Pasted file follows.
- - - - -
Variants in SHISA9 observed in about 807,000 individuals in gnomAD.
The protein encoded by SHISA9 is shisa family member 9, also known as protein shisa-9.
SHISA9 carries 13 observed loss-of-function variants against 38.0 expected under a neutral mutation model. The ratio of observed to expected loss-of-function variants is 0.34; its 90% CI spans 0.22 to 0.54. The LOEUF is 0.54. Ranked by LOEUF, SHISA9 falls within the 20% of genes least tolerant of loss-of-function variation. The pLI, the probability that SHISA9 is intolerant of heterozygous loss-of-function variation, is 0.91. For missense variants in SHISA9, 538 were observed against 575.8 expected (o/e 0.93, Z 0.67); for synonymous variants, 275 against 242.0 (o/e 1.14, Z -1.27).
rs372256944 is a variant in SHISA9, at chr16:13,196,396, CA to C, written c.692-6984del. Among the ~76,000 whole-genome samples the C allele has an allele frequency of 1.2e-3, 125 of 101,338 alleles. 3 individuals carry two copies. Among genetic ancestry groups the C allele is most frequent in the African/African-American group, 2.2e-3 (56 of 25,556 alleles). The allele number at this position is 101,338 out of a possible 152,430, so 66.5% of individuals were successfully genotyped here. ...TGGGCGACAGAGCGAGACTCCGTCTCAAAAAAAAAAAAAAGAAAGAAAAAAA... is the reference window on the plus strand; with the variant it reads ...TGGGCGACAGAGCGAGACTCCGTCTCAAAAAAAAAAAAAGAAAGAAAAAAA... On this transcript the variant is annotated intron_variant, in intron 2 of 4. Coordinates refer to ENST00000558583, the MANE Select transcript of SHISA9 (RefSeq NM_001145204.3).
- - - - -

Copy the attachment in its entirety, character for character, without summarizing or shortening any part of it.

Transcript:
Variants in SHISA9 observed in about 807,000 individuals in gnomAD.
The protein encoded by SHISA9 is shisa family member 9, also known as protein shisa-9.
SHISA9 carries 13 observed loss-of-function variants against 38.0 expected under a neutral mutation model. The ratio of observed to expected loss-of-function variants is 0.34; its 90% CI spans 0.22 to 0.54. The LOEUF is 0.54. Ranked by LOEUF, SHISA9 falls within the 20% of genes least tolerant of loss-of-function variation. The pLI, the probability that SHISA9 is intolerant of heterozygous loss-of-function variation, is 0.91. For missense variants in SHISA9, 538 were observed against 575.8 expected (o/e 0.93, Z 0.67); for synonymous variants, 275 against 242.0 (o/e 1.14, Z -1.27).
rs372256944 is a variant in SHISA9, at chr16:13,196,396, CA to C, written c.692-6984del. Among the ~76,000 whole-genome samples the C allele has an allele frequency of 1.2e-3, 125 of 101,338 alleles. 3 individuals carry two copies. Among genetic ancestry groups the C allele is most frequent in the African/African-American group, 2.2e-3 (56 of 25,556 alleles). The allele number at this position is 101,338 out of a possible 152,430, so 66.5% of individuals were successfully genotyped here. ...TGGGCGACAGAGCGAGACTCCGTCTCAAAAAAAAAAAAAAGAAAGAAAAAAA... is the reference window on the plus strand; with the variant it reads ...TGGGCGACAGAGCGAGACTCCGTCTCAAAAAAAAAAAAAGAAAGAAAAAAA... On this transcript the variant is annotated intron_variant, in intron 2 of 4. Coordinates refer to ENST00000558583, the MANE Select transcript of SHISA9 (RefSeq NM_001145204.3).